New report shows trickledown economics doesn’t work, as gap between rich and poor increases across the OECD — and especially in Australia. Pat Garofalo from ThinkProgress reports.
According to a new report by the Organization for Economic Cooperation and Development, income inequality – which sparked the worldwide Occupy Movement – is increasing all across the developed world, led by bankers and executives reaping bigger and bigger income gains. In the OECD countries, the richest 10th of the population makes about nine times as much in average income as the poorest 10th, a significant increase from the gap in the 1980s:
The gap between rich and poor is widening across most developed economies as skilled workers reap more rewards and top executives and bankers benefit from a global job market, the Organization for Economic Cooperation and Development said.
The average income of the richest tenth of the population is now about nine times that of the poorest tenth, the Paris- based OECD said today in a report. The gap has increased about 10 per cent since the mid-1980s.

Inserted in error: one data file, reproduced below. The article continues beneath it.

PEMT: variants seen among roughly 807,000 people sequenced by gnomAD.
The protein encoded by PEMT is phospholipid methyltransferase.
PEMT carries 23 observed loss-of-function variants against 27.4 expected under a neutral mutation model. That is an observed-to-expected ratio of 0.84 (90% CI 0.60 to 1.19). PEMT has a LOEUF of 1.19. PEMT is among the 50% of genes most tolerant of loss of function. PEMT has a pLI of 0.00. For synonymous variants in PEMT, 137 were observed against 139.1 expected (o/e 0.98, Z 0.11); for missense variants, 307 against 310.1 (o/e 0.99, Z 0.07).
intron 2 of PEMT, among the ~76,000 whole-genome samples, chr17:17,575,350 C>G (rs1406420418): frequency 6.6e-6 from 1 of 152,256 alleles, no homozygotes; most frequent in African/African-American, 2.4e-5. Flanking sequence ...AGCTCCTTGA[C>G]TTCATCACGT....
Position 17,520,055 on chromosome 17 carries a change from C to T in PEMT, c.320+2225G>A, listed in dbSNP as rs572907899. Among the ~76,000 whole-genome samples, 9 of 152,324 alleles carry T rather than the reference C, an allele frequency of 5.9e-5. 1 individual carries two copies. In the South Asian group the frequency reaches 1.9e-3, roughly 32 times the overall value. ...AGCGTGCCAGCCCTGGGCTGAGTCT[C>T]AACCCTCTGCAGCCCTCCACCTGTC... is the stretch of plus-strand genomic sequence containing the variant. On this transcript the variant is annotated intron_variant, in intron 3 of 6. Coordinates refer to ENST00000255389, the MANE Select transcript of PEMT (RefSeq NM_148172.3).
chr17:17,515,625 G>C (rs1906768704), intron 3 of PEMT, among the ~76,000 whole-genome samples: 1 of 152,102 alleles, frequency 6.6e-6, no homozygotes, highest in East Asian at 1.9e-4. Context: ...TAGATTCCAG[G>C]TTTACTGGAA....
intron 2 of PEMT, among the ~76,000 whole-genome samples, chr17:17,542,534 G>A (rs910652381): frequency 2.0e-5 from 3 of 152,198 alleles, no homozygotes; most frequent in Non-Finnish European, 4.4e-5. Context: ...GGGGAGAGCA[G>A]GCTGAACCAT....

Mexico, the U.S., Israel and the U.K. are among the countries with the biggest divide between rich and poor, while Denmark, Norway, Belgium and the Czech Republic are among those with the smallest gap. The earnings multiple is 14-to-1 in the U.S. and Israel, compared with about 10-to-1 in the U.K., Italy and Japan and 6-to-1 in Germany and Denmark. Australia has the 7th biggest disparity out of the 22 OECD nations.
In the U.S., “the rising incomes of executives and finance professionals account for much of the rising share of top income recipients.” The OECD recommends that the U.S. both increase taxes on high earners and boost benefits for low-income people, which average just 6 per cent of household income in the U.S., compared to 16 per cent across the developed world.
OECD: "Social contract is starting to unravel"; trickle down economics a fallacy
“The social contract is starting to unravel in many countries,” OECD Secretary-General Angel Gurria said in a statement. “This study dispels the assumptions that the benefits of economic growth will automatically trickle down to the disadvantaged and that the greater inequality fosters greater social mobility.”
(This story was published in Truthout on 5 December 2011 and has been republished under a Creative Commons licence.)